The "Pi in the Sky" math challenge gives students a chance to take part in recent discoveries and upcoming celestial events, all while using math and pi just like NASA scientists and engineers. In this problem from the set, students use the mathematical constant pi to find out just how much haze is on Saturn's moon Titan.
Saturn's largest moon Titan is the second largest moon in our solar system, second only to Jupiter's Ganymede, which is only 2 percent larger. With a mean radius of 1,600 miles (2,575 km), Titan is bigger than Earth's moon, and even larger than the planet Mercury.
Titan is the only moon in our solar system that has clouds and a dense atmosphere, mostly nitrogen and methane. It is also the only other place in the solar system known to have an earthlike cycle of liquids flowing across its surface.
On Titan it is so cold (-290 degrees Fahrenheit or -179 degrees Celsius) that water plays the role of rock and lava, and flowing methane carves river channels and fills great lakes with liquid natural gas. Vast regions of tall dunes stretch across the landscape -- dunes whose "sand" is composed of dark hydrocarbon grains. The dunes are not unlike those seen in the desert of Namibia in Africa. Volcanism may occur as well, but with liquid water as the lava.
Titan has few impact craters, meaning that its surface must be relatively young and some combination of processes erases evidence of impacts. This is the case for Earth as well; craters on our planet are eroded by the relentless forces of flowing liquid (water, in Earth's case) and wind. These forces are present on Titan as well. Tectonic forces -- the movement of the ground due to pressures from beneath -- also appear to be at work on Saturn's largest moon.
Titan is the only moon in the solar system with a thick atmosphere. Titan's atmospheric pressure is about 60 percent greater than Earth's -- roughly the same pressure found at the bottom of a swimming pool. Because Titan is less massive than Earth, its gravity doesn't hold onto its gaseous envelope as tightly, so the atmosphere extends to an altitude 10 times higher than Earth's - nearly 370 miles (600 km) into space.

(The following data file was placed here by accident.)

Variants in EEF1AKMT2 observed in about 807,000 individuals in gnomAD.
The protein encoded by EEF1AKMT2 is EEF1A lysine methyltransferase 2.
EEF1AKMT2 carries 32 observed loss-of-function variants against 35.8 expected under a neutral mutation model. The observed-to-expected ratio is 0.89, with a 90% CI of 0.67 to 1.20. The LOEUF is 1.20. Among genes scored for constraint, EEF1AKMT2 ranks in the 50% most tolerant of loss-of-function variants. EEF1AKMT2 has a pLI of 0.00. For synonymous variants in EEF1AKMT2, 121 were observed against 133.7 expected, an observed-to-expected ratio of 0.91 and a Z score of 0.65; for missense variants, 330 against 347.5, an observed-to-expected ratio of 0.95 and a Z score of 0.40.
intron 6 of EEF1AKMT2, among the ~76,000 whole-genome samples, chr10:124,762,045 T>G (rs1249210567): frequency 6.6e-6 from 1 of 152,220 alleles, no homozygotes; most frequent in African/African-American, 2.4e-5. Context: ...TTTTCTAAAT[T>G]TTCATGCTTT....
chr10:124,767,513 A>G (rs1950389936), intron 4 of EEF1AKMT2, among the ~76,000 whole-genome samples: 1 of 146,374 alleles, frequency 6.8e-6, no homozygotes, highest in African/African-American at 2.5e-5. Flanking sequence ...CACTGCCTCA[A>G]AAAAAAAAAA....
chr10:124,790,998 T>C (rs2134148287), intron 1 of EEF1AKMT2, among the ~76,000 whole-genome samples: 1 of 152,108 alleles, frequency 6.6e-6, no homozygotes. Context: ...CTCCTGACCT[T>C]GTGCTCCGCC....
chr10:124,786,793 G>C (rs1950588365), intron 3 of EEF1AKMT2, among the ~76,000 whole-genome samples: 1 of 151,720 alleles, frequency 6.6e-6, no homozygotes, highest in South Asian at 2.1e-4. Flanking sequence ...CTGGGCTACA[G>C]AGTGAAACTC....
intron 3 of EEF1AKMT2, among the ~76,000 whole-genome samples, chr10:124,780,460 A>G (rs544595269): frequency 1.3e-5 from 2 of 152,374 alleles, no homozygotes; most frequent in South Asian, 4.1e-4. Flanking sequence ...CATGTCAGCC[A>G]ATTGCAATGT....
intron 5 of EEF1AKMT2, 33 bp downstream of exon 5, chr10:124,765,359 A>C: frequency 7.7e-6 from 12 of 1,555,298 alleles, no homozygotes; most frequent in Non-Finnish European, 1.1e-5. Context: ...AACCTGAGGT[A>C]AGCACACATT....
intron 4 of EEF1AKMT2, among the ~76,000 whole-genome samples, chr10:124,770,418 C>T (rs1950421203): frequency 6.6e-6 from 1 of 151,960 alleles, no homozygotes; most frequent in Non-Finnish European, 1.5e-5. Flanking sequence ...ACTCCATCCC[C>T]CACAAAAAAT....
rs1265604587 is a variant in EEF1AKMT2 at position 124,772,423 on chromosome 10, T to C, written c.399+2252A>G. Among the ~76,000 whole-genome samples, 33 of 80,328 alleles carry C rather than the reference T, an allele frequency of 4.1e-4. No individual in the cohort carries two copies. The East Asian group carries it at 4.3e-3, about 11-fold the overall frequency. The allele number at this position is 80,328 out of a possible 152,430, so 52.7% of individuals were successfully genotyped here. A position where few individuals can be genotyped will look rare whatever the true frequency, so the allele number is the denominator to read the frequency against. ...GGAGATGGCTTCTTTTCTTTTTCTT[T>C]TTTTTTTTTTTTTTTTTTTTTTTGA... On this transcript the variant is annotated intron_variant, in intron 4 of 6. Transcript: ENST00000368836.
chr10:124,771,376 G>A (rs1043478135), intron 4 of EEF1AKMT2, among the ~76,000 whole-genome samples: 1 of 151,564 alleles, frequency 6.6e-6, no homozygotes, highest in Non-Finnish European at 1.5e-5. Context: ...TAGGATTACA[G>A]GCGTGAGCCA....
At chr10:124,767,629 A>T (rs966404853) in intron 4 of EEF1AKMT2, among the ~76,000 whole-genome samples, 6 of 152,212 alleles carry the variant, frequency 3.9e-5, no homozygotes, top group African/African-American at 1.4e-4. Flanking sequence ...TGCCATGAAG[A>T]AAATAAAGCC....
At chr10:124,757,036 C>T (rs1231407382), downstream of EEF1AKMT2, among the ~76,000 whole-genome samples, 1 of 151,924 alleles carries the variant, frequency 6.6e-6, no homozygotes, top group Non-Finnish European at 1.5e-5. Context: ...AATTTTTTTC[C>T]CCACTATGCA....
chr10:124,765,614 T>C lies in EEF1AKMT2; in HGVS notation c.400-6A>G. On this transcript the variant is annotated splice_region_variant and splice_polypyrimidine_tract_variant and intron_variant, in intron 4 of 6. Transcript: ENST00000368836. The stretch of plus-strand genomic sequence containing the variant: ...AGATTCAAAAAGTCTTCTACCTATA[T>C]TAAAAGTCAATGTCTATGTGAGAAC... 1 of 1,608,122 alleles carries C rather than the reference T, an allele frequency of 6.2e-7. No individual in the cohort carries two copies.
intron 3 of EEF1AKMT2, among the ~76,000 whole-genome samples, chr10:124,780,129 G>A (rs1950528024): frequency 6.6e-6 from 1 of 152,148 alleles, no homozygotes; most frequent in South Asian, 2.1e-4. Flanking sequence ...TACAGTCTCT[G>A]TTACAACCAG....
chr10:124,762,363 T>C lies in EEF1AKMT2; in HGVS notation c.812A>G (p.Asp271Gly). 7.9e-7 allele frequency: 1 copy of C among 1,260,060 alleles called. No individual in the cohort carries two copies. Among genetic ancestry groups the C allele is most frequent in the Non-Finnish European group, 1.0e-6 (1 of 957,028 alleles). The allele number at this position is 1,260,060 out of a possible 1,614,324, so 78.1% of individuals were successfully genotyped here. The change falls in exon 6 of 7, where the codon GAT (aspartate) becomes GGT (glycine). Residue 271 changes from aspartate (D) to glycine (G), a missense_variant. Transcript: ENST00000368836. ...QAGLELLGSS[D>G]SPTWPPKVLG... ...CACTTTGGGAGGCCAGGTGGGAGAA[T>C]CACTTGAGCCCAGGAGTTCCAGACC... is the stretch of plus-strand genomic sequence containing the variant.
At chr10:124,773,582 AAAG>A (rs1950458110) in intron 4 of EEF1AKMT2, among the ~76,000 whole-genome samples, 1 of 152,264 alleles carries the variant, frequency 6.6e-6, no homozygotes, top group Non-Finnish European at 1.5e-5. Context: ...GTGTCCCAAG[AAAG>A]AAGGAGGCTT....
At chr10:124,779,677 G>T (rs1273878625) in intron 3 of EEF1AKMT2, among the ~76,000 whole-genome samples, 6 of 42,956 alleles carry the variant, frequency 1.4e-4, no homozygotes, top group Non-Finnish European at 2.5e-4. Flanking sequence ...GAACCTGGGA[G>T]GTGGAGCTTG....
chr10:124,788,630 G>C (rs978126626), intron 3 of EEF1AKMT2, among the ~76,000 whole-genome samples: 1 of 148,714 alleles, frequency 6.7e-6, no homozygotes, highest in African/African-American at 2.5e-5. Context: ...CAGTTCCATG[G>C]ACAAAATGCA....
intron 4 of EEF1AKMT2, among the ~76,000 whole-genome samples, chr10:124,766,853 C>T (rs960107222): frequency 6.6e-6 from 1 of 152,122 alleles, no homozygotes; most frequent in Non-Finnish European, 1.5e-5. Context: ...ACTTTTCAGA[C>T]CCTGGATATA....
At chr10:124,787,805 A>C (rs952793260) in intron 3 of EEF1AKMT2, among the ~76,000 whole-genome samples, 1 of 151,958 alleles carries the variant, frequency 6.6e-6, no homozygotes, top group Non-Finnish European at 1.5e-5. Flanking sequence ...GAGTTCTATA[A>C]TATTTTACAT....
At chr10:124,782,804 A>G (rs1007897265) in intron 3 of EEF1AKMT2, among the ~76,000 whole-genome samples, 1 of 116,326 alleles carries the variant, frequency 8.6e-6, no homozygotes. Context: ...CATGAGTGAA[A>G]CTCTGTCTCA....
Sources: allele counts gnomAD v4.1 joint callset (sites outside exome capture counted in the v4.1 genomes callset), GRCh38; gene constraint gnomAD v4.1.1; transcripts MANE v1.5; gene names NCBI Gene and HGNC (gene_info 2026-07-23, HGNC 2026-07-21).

Titan's atmosphere is mostly nitrogen (about 95 percent) and methane (about 5 percent), with small amounts of other carbon-rich compounds. High in the atmosphere, methane and nitrogen molecules are split apart by the sun's ultraviolet light and high-energy particles accelerated by Saturn's magnetic field; the products of this splitting recombine to form a variety of organic molecules. (Organic molecules contain carbon and hydrogen, and often include nitrogen, oxygen and other elements important to life on Earth.)
Some of the compounds produced by the splitting and recycling of methane and nitrogen in the upper atmosphere create a kind of smog - a thick, orange-colored haze that obscures the moon's surface from view. And some of the heavy, carbon-rich compounds also fall to the surface. Some of these hydrocarbons go on to form grains that make up the "sand" of vast dune fields on Titan's surface.
One of Titan's great mysteries is the source of its methane, which makes all of this complex chemistry possible. Since sunlight breaks down methane in the atmosphere, there must be a source that replenishes what is lost. Researchers suspect methane could be belched into Titan's atmosphere by cryovolcanism, or volcanoes with water as lava.
- With its methane lakes and hazy atmosphere reminiscent of a primordial Earth, Saturn’s moon Titan is an intriguing world – and one that scientists believe may harbor ingredients for life. Though spacecraft have studied Titan up close, and the Cassini mission sent a probe to the surface, much of the moon remains a mystery because a dense, 600-km thick atmosphere masks its rocky surface. To study Titan in more detail, scientists have proposed developing a spacecraft to map the surface of this mysterious moon. Given Titan’s radius of 2,575 km, what percentage of the moon’s makeup by volume is atmospheric haze?
- If scientists hope to create a global map of Titan, what is the surface area that a future spacecraft would need to map?
ExtensionsPi Day Challenges
- Pi in the Sky
- Pi in the Sky 2
- Pi in the Sky 3
- Pi in the Sky 4
- Pi in the Sky Challenge (slideshow for students)